“We anticipate not being able to pay all of our bills by early June and possibly as early as June 1,” Yellen told NBC’s Meet the Press on Sunday.
“In my estimation, the odds of hitting June 15 and being able to pay all our bills at the same time are pretty slim,” she said, with the caveat that there would always be uncertainty as to the exact earnings and payments.
Both Biden and McCarthy have acknowledged that one of the main sticking points in the talks remains the issue of spending caps, a key Republican demand but a red line for the White House so far. Raising the debt limit would not allow new spending, but Republicans are insisting on sweeping government spending cuts as part of an agreement to raise the credit limit.
“The underlying problem here is that ever since they won the majority, the Democrats have been addicted to spending. And that will stop. We’re going to spend less than last year,” McCarthy told reporters Monday morning at the Capitol.
Biden hopes to reach an agreement on the debt ceiling that would push the next deadline past the 2024 presidential election. But Republicans in the House, who have only endorsed a year-long hike so far, say if Biden wants more time, he must agree to more cuts.
The Biden-McCarthy meeting follows a dramatic weekend when talks stalled on Friday over a stalemate on government spending levels, but resumed a few hours later.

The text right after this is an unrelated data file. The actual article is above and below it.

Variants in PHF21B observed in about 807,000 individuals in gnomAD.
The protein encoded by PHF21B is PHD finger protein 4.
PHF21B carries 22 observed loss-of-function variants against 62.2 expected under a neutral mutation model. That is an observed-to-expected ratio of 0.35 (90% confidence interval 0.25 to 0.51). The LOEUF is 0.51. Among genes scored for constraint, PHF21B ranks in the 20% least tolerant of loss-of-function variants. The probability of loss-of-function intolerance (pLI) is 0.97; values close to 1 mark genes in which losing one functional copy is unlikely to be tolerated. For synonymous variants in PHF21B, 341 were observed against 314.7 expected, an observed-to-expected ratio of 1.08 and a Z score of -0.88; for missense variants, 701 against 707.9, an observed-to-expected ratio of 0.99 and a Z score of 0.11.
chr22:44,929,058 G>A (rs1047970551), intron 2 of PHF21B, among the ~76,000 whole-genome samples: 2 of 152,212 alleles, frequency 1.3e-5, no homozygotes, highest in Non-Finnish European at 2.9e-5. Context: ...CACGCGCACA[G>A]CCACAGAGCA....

The two leaders then had a phone call on Sunday night, which they described as “productive.”
Over the weekend, the president accused Republicans of calling for large parts of discretionary federal spending to be exempted from proposed budget cuts, including defense and possibly veterans’ health care.
If those categories were actually exempted, Biden explained that cuts in all other discretionary spending would have to be much deeper to make up the difference.
Blanket cuts like these “make no sense at all,” Biden said Sunday in Japan, where he was attending the Group of Seven summit. “It’s time Republicans accepted that there is no bipartisan deal that can be struck solely on their partisan terms.”